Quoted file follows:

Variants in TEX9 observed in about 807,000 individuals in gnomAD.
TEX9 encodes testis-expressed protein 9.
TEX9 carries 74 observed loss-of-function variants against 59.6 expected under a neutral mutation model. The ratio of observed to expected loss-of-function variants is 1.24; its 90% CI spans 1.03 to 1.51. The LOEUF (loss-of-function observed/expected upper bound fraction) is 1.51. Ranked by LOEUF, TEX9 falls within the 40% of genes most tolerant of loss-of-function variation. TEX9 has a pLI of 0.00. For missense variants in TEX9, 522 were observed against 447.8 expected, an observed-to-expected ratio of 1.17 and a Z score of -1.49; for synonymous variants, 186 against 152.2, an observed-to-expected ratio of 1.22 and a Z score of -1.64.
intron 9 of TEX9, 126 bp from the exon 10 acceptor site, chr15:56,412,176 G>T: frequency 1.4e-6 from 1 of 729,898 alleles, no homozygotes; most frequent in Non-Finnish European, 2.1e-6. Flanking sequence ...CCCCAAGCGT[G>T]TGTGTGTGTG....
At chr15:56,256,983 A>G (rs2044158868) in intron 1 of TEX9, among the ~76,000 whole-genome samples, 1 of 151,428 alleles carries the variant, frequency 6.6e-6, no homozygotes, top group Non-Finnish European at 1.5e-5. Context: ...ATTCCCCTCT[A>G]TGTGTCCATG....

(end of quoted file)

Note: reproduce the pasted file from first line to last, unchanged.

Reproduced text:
Variants in TEX9 observed in about 807,000 individuals in gnomAD.
TEX9 encodes testis-expressed protein 9.
TEX9 carries 74 observed loss-of-function variants against 59.6 expected under a neutral mutation model. The ratio of observed to expected loss-of-function variants is 1.24; its 90% CI spans 1.03 to 1.51. The LOEUF (loss-of-function observed/expected upper bound fraction) is 1.51. Ranked by LOEUF, TEX9 falls within the 40% of genes most tolerant of loss-of-function variation. TEX9 has a pLI of 0.00. For missense variants in TEX9, 522 were observed against 447.8 expected, an observed-to-expected ratio of 1.17 and a Z score of -1.49; for synonymous variants, 186 against 152.2, an observed-to-expected ratio of 1.22 and a Z score of -1.64.
intron 9 of TEX9, 126 bp from the exon 10 acceptor site, chr15:56,412,176 G>T: frequency 1.4e-6 from 1 of 729,898 alleles, no homozygotes; most frequent in Non-Finnish European, 2.1e-6. Flanking sequence ...CCCCAAGCGT[G>T]TGTGTGTGTG....
At chr15:56,256,983 A>G (rs2044158868) in intron 1 of TEX9, among the ~76,000 whole-genome samples, 1 of 151,428 alleles carries the variant, frequency 6.6e-6, no homozygotes, top group Non-Finnish European at 1.5e-5. Context: ...ATTCCCCTCT[A>G]TGTGTCCATG....